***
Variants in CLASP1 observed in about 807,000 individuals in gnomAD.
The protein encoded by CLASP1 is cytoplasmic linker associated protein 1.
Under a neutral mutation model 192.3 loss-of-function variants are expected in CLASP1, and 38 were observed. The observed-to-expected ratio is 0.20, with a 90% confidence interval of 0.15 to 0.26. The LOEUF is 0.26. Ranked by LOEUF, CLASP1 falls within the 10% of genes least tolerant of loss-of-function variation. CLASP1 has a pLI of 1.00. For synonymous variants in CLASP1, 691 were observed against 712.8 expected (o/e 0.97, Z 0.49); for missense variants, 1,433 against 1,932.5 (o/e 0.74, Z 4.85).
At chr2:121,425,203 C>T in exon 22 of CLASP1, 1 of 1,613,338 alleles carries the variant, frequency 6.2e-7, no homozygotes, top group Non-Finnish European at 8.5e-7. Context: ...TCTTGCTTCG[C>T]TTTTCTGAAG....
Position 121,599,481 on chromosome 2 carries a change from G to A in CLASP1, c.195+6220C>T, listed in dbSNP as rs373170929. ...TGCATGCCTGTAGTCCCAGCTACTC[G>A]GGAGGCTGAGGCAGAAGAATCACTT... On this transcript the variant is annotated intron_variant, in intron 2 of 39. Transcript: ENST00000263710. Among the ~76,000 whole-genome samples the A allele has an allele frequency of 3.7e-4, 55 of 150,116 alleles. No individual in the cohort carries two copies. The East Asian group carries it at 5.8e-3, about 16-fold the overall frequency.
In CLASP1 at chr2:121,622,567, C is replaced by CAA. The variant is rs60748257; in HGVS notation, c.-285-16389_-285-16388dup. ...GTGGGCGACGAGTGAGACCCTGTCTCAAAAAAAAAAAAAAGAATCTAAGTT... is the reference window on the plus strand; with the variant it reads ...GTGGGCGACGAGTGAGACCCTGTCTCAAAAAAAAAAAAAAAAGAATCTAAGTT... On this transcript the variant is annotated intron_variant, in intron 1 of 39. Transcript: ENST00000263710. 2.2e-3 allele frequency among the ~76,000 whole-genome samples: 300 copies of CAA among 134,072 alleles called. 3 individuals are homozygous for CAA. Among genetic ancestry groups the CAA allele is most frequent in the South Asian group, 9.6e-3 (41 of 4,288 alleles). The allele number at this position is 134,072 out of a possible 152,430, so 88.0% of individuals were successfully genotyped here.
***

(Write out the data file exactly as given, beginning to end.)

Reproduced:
Variants in CLASP1 observed in about 807,000 individuals in gnomAD.
The protein encoded by CLASP1 is cytoplasmic linker associated protein 1.
Under a neutral mutation model 192.3 loss-of-function variants are expected in CLASP1, and 38 were observed. The observed-to-expected ratio is 0.20, with a 90% confidence interval of 0.15 to 0.26. The LOEUF is 0.26. Ranked by LOEUF, CLASP1 falls within the 10% of genes least tolerant of loss-of-function variation. CLASP1 has a pLI of 1.00. For synonymous variants in CLASP1, 691 were observed against 712.8 expected (o/e 0.97, Z 0.49); for missense variants, 1,433 against 1,932.5 (o/e 0.74, Z 4.85).
At chr2:121,425,203 C>T in exon 22 of CLASP1, 1 of 1,613,338 alleles carries the variant, frequency 6.2e-7, no homozygotes, top group Non-Finnish European at 8.5e-7. Context: ...TCTTGCTTCG[C>T]TTTTCTGAAG....
Position 121,599,481 on chromosome 2 carries a change from G to A in CLASP1, c.195+6220C>T, listed in dbSNP as rs373170929. ...TGCATGCCTGTAGTCCCAGCTACTC[G>A]GGAGGCTGAGGCAGAAGAATCACTT... On this transcript the variant is annotated intron_variant, in intron 2 of 39. Transcript: ENST00000263710. Among the ~76,000 whole-genome samples the A allele has an allele frequency of 3.7e-4, 55 of 150,116 alleles. No individual in the cohort carries two copies. The East Asian group carries it at 5.8e-3, about 16-fold the overall frequency.
In CLASP1 at chr2:121,622,567, C is replaced by CAA. The variant is rs60748257; in HGVS notation, c.-285-16389_-285-16388dup. ...GTGGGCGACGAGTGAGACCCTGTCTCAAAAAAAAAAAAAAGAATCTAAGTT... is the reference window on the plus strand; with the variant it reads ...GTGGGCGACGAGTGAGACCCTGTCTCAAAAAAAAAAAAAAAAGAATCTAAGTT... On this transcript the variant is annotated intron_variant, in intron 1 of 39. Transcript: ENST00000263710. 2.2e-3 allele frequency among the ~76,000 whole-genome samples: 300 copies of CAA among 134,072 alleles called. 3 individuals are homozygous for CAA. Among genetic ancestry groups the CAA allele is most frequent in the South Asian group, 9.6e-3 (41 of 4,288 alleles). The allele number at this position is 134,072 out of a possible 152,430, so 88.0% of individuals were successfully genotyped here.